Bangladesh with five ongoing operations, including big floods, Cyclone Amphan and the massive population displacement around Cox’s Bazar, also remains a high priority for the IFRC.
“All these disasters are happening in the midst of the COVID-19 pandemic which is making our operations some of the most complex ever. The challenge has been to help affected communities with emergency relief, while also taking the necessary steps to halt the spread of COVID-19.”
“People are used to storms and floods right across Asia but this year has tested the resilience of tens of millions of people to breaking point.”
- Antony Balmain, +60 12 230 8451, email@example.com
- Joe Cropp, +61 491 743 089, firstname.lastname@example.org
Record climate disasters in Asia-Pacific push millions to “breaking point”
By Beh Lih Yi
16 December 2020
KUALA LUMPUR (Thomson Reuters Foundation) – Asia-Pacific has faced a record number of climate-related disasters in 2020, affecting tens of millions of vulnerable people already hit hard by the COVID-19 pandemic, the Red Cross said on Wednesday.
The International Federation of Red Cross and Red Crescent Societies (IFRC) said it had responded to 24 climate-linked crises this year in the world’s most disaster-prone region – up from 18 in 2019 – including floods, typhoons, extreme cold and drought.
“COVID-19 has of course aggravated these impacts, with a taste of the compound shocks we’re expecting in a changing climate,” Maarten van Aalst, director of the Red Cross Red Crescent Climate Centre, told the Thomson Reuters Foundation.
“The pandemic has not only complicated evacuations and disaster response, but also aggravates the economic impact of disasters, especially for the poorest people,” he added.
Southeast Asia was the IFRC’s busiest region in 2020, with 15 emergency responses to disasters including severe floods, storms and landslides in the Philippines and Vietnam that affected more than 31 million people.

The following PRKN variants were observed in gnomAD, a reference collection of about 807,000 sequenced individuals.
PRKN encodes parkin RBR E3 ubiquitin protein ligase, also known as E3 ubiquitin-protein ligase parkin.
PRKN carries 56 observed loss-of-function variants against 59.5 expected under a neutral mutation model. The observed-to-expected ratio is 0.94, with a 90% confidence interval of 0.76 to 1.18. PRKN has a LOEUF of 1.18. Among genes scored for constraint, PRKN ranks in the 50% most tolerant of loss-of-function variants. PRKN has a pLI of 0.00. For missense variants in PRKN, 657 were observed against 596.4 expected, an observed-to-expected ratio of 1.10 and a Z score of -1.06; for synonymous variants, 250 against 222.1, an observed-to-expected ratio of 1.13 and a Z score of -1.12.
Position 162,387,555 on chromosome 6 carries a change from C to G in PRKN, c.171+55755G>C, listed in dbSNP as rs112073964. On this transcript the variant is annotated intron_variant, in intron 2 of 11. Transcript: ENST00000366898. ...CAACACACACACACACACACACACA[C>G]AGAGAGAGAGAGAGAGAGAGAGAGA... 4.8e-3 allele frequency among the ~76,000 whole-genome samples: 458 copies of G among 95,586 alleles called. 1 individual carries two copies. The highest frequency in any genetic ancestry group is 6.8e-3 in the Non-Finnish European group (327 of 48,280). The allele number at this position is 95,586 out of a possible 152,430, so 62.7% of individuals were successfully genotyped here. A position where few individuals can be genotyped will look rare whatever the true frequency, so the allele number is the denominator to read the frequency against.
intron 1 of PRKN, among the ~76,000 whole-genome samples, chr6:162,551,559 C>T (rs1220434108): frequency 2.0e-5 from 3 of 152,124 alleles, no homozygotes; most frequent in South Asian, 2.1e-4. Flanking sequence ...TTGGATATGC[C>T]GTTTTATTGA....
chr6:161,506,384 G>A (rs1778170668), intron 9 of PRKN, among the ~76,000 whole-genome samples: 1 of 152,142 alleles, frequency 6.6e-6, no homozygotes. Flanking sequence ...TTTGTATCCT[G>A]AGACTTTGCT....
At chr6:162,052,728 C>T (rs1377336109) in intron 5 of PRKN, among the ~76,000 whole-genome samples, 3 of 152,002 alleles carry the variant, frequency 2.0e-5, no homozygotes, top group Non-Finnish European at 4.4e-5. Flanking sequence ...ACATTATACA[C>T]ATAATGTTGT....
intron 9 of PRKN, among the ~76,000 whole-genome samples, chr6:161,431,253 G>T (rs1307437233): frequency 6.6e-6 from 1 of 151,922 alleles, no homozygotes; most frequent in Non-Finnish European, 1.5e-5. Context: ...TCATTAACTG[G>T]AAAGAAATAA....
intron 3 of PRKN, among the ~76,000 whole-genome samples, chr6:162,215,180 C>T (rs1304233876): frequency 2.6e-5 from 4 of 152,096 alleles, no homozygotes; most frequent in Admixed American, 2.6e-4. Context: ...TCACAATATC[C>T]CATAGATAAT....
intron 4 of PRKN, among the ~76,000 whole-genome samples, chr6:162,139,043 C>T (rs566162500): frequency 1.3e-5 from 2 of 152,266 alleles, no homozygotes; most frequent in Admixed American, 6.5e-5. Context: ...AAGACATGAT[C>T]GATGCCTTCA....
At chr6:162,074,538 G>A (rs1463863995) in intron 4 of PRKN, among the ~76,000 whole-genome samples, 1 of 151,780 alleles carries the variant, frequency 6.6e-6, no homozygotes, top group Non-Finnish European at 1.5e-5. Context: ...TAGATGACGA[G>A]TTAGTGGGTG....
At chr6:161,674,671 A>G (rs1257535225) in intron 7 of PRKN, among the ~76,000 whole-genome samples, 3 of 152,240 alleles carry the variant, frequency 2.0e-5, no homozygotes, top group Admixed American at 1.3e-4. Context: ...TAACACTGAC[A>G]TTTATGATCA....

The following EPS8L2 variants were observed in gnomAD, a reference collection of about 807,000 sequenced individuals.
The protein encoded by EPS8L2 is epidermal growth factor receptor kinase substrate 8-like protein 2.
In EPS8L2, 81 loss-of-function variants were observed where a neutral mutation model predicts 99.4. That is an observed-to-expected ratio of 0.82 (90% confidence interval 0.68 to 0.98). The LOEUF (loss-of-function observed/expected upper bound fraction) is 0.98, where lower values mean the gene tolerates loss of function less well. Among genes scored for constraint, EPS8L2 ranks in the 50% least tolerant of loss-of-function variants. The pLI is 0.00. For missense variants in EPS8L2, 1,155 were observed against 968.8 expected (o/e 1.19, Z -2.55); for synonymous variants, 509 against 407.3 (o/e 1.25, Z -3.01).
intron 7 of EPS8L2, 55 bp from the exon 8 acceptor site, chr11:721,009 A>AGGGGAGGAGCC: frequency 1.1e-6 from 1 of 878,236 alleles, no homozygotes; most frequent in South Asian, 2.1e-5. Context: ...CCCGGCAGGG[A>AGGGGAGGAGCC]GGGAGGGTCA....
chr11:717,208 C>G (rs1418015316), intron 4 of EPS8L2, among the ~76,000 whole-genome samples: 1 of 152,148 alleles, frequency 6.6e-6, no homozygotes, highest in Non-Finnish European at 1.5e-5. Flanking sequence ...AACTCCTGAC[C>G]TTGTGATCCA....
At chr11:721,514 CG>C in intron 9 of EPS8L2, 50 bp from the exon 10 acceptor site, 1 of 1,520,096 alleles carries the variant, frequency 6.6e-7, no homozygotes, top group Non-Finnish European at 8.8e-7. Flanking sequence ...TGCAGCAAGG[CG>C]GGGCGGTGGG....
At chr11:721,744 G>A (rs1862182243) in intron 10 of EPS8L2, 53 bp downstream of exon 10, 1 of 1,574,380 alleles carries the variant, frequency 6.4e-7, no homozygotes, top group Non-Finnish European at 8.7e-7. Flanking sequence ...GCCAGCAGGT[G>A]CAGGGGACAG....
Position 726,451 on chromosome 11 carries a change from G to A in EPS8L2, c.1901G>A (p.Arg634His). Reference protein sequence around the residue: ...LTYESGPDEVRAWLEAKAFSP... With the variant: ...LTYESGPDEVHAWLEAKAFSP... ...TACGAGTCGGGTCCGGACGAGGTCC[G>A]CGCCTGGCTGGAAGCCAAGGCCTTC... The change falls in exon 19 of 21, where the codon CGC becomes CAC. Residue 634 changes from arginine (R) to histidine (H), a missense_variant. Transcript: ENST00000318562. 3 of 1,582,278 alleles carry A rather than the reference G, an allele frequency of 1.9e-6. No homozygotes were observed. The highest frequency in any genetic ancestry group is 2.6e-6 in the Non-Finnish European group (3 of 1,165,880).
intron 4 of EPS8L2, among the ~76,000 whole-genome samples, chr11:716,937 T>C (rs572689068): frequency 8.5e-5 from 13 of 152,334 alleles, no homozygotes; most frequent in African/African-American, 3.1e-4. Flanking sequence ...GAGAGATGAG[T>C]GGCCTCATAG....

Jess Letch, the IFRC’s emergency operations manager, said the challenge had been to help communities with relief aid while also taking the steps needed to halt the spread of COVID-19.
Mary Joy Gonzales, a resilience project manager with CARE in the Philippines, said her aid agency had worked to provide additional shelter to enable social distancing after one person contracted COVID-19 in an evacuation centre it was supporting.
Women have suffered a triple blow, she added, with the pandemic fuelling violence at home just as many lost their jobs and had to look after out-of-school children and elderly relatives while the country was pummelled by destructive storms.
The agency expected that such impacts “will get worse due to climate change”, she told journalists earlier this month.
“We have seen the trend in the past 10 years: typhoons have been becoming stronger and we have lost thousands of lives already,” she said.
Last year, more than 94 million people in the Asia-Pacific region were hit by climate-related disasters, with the area experiencing twice as many emergencies as the Americas or Africa, according to the IFRC’s latest World Disasters Report.
The total number of people affected in 2020 has not yet been released. [more]
Here is one ET from Tuesday:
Here is more climate and weather news from Tuesday:
(As usual, this will be a fluid post in which more information gets added during the day as it crosses my radar, crediting all who have put it on-line. Items will be archived on this site for posterity. In most instances click on the pictures of each tweet to see each article.)
Now here are some of today’s articles and notes on the horrid COVID-19 pandemic:
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Guy Walton- “The Climate Guy”